But now that both Darren Fletcher and Snodgrass have returned to the fold fully fit and just as hungry as the youngsters who have added some fresh legs to the line-up in recent matches, the man charged with guiding Scotland past the pitfalls and back on to the biggest stage, hopes there is a winning formula.
Against Lithuania, a side he claims is strong due to a consistency of selection and subsequent club side mentality, he is confident that goal chances will materialise and happy he has the players at his disposal to convert them, but he is also apprised of the threat their opponents can pose going forward, saying their 2-2 draw with Slovenia hinted at the way they will approach their Hampden outing.
“It was a cracking game of football with chances everywhere for both sides. It was end-to-end with good players on the ball. So Lithuania have the capacity to go and attack but they also gave up chances to Slovenia so there should be chances for us as well.”
Just as he did ahead of the group opener with Malta, he has insisted the next match is not a must-win fixture but slip-ups against the smaller nations have proved the country’s undoing in the past.
“Of course, the fans will expect to beat Lithuania at Hampden. I understand that. But I think there’s an understanding from them now – because of YouTube and what they pick up in the media – of what’s actually happening. If you actually do your homework, you’ll appreciate that teams like Lithuania are actually not bad.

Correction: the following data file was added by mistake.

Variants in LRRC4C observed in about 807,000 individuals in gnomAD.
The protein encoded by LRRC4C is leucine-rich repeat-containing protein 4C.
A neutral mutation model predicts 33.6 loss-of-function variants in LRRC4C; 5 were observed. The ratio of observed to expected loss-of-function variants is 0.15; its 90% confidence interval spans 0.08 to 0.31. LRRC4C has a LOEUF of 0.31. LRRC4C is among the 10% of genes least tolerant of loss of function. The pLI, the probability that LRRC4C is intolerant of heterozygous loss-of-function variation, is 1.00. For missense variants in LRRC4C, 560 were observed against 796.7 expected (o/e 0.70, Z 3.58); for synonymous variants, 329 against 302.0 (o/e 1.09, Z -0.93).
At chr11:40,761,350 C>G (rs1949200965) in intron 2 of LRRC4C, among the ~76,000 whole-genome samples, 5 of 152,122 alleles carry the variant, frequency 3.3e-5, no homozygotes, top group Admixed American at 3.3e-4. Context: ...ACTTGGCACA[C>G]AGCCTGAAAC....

“I saw Lithuania against Poland as well. It wasn’t as you’d expect with teams of that stature, who used to come here ten years ago and sit in. No, they’re out and they’re after you. They get at you. They went after Poland and had a real good chance after just 15 seconds.
“So football’s changing a wee bit. The two games [against Lithuania and Slovakia] will be different in terms of the opposition’s mentality because one is away from home and other is at home. But Lithuania will come for us here if they spot a weakness. So we have to be wary of that.”